I've since read Mansfield Park and Emma, but much preferred the former. While I identified intensely with the much maligned Fanny Price, I still dislike the haughty and narrow-minded Emma, especially as incarnated by Gwyneth Paltrow. As I live in Montreal, I was fortunate in that I was able to attend the Austen AGM conference here in 2014 and listen to some excellent presentations on Mansfield Park in relation to the slave trade, which informs the background of the novel. Patricia Rozema drew on this for her excellent 1999 film adaptation.
Fanny Price (Francis O’Connor)
Next month, I will finally be reading Persuasion with a small group. There is also a new Austen film that has just come out, Love and Friendship, based on her early work, so I can now start at the beginning and work my way through her novels one more time. Austen is a writer who clearly merits rereading. I also think there is still much than can be said about Austen’s influence on James. Now that would be another interesting project!
Elaine Pigeon has a BFA in Film Studies and for her MA focused on the construction of gender in 18th-century literature. She received her Ph.D. in English Studies from the Université de Montréal. Her dissertation, Queer Impressions: Henry James’s Art of Fiction, was published by Routledge in 2005; the paperback edition in 2011. She currently teaches courses on 18th & 19th Century Writing by Women, Modern Fiction, and the American Novel as well as Children’s Literature in the English Department of Concordia University. Her interests include women’s writing, the gothic, modernism, cultural studies and film. She also blogs at pigeonfiles.wordpress.com.
I'm glad I had no idea what other people thought of Austen (except my father who talked of her bitter ironies) until I was in college classroom at age 18 and was astonished to hear most of the other students say of Sense and Sensibility that it was "boring." Of course a moment later I realized they were not true reading people at all. My daughter, Isobel, had the same experience after she read and loved Elizabeth Bowen's Last September, gave a talk on it, and was astonished to be told by a mostly astonished audience that they had never seen any sex in the book and had wondered where was the evidence of a revolution. Elaine is not the first person to tell me that when a teenager she didn't read the books as it just wasn't done or were framed as by a repressed spinster. There were no films for me to watch until a decade later, and I didn't watch them until a decade after that (mid-1980s re-runs of BBC films on PBS). My first revelation from an outside source on how to read Austen was Mary Lascelles's Jane Austen and Her Art, which was recommended to me by the professor in that first class. It is still one of the best close readings of how Austen's style is central to the richness of her meanings. It's probably one of the oldest books of criticism in my now vast library. I agree with Henry James's voiced assessment of her as partly unconscious of the depths she is bringing out (from revision, as Woolf suggested).ReplyDelete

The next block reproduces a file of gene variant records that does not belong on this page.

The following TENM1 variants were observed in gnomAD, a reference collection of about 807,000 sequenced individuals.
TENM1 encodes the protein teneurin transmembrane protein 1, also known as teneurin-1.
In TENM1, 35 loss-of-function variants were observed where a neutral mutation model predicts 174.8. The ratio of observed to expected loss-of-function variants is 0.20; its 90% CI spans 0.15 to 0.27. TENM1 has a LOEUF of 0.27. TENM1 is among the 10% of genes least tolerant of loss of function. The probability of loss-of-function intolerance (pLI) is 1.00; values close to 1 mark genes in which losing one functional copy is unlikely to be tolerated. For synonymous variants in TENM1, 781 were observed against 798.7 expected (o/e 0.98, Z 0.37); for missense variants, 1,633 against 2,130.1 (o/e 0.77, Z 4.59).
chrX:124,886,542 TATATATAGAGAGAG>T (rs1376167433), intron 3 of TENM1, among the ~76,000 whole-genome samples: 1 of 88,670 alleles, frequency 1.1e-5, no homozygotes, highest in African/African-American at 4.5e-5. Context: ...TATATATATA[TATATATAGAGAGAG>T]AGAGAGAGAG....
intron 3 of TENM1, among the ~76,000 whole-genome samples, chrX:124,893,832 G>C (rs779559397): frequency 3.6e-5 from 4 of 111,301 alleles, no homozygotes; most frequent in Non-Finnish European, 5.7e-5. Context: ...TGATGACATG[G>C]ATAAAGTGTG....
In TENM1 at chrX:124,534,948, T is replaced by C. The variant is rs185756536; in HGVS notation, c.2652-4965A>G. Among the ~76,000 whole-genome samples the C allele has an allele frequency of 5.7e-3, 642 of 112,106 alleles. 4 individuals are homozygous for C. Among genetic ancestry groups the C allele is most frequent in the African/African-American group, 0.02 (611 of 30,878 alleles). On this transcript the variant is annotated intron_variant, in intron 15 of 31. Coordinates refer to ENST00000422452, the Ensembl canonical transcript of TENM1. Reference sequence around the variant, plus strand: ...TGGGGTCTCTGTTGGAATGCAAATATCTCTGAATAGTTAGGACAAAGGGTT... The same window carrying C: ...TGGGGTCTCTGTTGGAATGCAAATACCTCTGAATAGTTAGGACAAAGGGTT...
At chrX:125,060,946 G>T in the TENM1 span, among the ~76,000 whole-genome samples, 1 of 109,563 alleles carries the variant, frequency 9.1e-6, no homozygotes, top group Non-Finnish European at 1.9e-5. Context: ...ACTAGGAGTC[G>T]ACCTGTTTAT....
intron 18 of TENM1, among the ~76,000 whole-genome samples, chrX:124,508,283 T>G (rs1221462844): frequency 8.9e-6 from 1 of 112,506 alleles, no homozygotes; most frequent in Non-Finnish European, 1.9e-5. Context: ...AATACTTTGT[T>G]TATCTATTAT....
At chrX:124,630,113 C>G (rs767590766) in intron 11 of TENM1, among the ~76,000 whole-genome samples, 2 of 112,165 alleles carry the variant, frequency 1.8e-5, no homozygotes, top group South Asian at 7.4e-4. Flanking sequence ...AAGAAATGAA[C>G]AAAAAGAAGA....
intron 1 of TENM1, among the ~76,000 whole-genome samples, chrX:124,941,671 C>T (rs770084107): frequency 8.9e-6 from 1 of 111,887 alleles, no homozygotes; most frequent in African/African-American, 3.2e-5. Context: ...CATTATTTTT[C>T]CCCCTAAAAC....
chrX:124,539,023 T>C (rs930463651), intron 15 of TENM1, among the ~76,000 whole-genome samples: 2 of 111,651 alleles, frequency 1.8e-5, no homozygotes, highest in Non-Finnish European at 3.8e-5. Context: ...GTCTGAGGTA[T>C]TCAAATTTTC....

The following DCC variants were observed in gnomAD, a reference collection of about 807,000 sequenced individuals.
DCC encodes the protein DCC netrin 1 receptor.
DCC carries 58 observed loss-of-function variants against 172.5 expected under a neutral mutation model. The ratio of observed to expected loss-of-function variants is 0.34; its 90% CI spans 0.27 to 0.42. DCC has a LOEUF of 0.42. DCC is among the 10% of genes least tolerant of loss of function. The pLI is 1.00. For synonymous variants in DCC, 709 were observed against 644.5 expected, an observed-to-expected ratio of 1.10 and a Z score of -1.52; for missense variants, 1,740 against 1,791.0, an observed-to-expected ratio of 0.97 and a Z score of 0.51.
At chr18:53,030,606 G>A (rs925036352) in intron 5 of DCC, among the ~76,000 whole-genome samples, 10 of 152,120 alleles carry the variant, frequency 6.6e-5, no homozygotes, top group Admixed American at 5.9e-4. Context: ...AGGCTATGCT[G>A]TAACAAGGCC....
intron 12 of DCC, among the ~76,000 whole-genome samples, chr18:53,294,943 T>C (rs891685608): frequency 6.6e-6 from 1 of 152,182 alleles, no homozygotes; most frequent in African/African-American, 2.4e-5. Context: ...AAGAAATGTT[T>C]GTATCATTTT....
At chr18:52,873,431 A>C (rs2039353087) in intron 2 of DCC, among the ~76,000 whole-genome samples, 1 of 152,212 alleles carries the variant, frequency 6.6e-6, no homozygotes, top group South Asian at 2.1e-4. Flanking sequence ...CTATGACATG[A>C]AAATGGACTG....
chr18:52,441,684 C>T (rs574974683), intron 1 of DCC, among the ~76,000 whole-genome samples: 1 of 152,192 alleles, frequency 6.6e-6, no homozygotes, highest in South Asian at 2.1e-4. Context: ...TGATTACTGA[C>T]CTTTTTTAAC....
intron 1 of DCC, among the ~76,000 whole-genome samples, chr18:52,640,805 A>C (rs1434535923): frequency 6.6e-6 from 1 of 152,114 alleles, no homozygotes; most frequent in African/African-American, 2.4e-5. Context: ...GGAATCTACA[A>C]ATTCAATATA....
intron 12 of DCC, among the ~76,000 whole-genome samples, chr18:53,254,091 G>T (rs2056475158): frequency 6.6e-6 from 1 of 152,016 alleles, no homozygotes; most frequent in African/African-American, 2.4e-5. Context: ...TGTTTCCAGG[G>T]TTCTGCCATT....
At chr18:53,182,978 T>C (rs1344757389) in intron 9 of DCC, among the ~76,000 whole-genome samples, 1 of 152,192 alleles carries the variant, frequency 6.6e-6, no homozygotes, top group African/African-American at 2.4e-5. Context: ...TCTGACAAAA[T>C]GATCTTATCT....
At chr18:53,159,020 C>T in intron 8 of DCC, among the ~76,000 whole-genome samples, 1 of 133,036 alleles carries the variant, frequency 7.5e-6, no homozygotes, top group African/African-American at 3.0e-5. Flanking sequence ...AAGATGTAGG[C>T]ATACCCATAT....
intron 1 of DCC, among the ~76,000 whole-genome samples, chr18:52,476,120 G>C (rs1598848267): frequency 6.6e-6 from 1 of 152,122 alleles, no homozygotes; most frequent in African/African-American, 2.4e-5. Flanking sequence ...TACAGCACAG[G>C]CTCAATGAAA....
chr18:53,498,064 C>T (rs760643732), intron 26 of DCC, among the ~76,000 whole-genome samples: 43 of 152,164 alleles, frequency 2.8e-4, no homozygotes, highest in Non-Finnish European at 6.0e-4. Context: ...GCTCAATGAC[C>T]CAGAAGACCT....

I think it important to remember that both James and Woolf were assessing Austen as the sheltered lady that JEAL wanted to promote. Similarly, in constructing himself as "the master," James too would hesitate to acknowledge his debt.Delete
Your comments on James and Austen brought to mind the Kipling quote from "The Janeites:"" She did leave lawful issue in the shape o' one son; an' 'is name was 'Enery James.” So true. Both authors have attracted me because of those undercurrents you mention, that sense of something not quite perceptible dancing beneath the surface. When I was younger, I couldn't see it as the queer subtext in James, but now that jumps off the page at me. I was also a youthful Nancy Drew fan and wonder if that connects us to Northanger Abbey, because what is Catherine looking for if not a mystery? I agree too about Captain Tilney. :)
Wonderful quote! Thank you for your comments and the opportunity to post on Austen.ReplyDelete